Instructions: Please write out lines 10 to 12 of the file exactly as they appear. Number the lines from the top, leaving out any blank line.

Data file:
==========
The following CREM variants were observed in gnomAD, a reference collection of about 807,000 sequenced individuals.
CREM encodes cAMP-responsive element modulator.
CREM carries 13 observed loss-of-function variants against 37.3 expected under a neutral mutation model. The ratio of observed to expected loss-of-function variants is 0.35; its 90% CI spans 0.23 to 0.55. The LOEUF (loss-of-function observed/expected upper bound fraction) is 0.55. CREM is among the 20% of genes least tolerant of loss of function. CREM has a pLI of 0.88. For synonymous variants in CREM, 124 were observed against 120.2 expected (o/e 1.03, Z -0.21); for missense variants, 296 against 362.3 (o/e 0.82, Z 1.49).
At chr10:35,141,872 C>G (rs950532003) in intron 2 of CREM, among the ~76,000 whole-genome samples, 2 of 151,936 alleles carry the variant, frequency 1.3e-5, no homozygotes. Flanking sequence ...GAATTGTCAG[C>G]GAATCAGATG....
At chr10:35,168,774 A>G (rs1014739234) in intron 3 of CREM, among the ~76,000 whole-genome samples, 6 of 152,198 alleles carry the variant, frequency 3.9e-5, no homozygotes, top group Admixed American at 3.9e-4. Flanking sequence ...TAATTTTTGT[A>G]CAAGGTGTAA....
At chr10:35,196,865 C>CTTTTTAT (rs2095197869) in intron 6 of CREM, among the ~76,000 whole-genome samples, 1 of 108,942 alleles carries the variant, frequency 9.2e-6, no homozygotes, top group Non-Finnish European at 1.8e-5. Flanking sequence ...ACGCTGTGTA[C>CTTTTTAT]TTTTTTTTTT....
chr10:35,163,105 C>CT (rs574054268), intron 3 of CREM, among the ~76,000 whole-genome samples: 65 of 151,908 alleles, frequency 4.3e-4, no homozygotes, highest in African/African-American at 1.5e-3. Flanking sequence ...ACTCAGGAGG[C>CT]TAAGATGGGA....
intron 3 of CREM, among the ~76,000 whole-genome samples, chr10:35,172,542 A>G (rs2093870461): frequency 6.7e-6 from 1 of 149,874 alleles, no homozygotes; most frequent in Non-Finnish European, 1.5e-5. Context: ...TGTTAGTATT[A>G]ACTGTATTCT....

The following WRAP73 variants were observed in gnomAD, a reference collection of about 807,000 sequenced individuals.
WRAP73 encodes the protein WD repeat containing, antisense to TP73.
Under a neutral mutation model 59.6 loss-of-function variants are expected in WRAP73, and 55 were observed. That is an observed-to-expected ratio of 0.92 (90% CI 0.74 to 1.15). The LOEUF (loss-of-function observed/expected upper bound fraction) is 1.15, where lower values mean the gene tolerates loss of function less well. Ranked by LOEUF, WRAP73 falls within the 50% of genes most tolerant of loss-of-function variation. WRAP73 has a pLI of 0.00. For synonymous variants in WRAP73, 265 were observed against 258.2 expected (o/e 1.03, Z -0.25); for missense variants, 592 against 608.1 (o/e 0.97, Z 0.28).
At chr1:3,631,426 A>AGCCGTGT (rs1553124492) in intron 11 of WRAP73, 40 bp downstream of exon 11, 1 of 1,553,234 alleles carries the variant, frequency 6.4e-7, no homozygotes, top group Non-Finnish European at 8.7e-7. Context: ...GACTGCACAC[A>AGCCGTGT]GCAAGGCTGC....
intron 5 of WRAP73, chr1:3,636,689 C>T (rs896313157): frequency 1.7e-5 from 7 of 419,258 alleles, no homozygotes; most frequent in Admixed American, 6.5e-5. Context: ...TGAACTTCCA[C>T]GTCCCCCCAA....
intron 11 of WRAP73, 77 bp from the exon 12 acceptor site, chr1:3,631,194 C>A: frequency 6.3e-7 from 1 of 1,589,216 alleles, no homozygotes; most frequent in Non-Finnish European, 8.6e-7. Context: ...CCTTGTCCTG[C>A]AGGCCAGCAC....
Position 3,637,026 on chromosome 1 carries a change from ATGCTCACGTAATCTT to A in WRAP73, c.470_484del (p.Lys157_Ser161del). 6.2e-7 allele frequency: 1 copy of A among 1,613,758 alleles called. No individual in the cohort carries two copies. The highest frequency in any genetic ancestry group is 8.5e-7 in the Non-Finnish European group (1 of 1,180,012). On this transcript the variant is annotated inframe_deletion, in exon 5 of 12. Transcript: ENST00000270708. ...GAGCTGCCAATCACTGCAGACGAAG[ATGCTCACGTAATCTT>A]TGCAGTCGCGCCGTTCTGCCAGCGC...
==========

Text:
WRAP73 encodes the protein WD repeat containing, antisense to TP73.
Under a neutral mutation model 59.6 loss-of-function variants are expected in WRAP73, and 55 were observed. That is an observed-to-expected ratio of 0.92 (90% CI 0.74 to 1.15). The LOEUF (loss-of-function observed/expected upper bound fraction) is 1.15, where lower values mean the gene tolerates loss of function less well. Ranked by LOEUF, WRAP73 falls within the 50% of genes most tolerant of loss-of-function variation. WRAP73 has a pLI of 0.00. For synonymous variants in WRAP73, 265 were observed against 258.2 expected (o/e 1.03, Z -0.25); for missense variants, 592 against 608.1 (o/e 0.97, Z 0.28).
At chr1:3,631,426 A>AGCCGTGT (rs1553124492) in intron 11 of WRAP73, 40 bp downstream of exon 11, 1 of 1,553,234 alleles carries the variant, frequency 6.4e-7, no homozygotes, top group Non-Finnish European at 8.7e-7. Context: ...GACTGCACAC[A>AGCCGTGT]GCAAGGCTGC....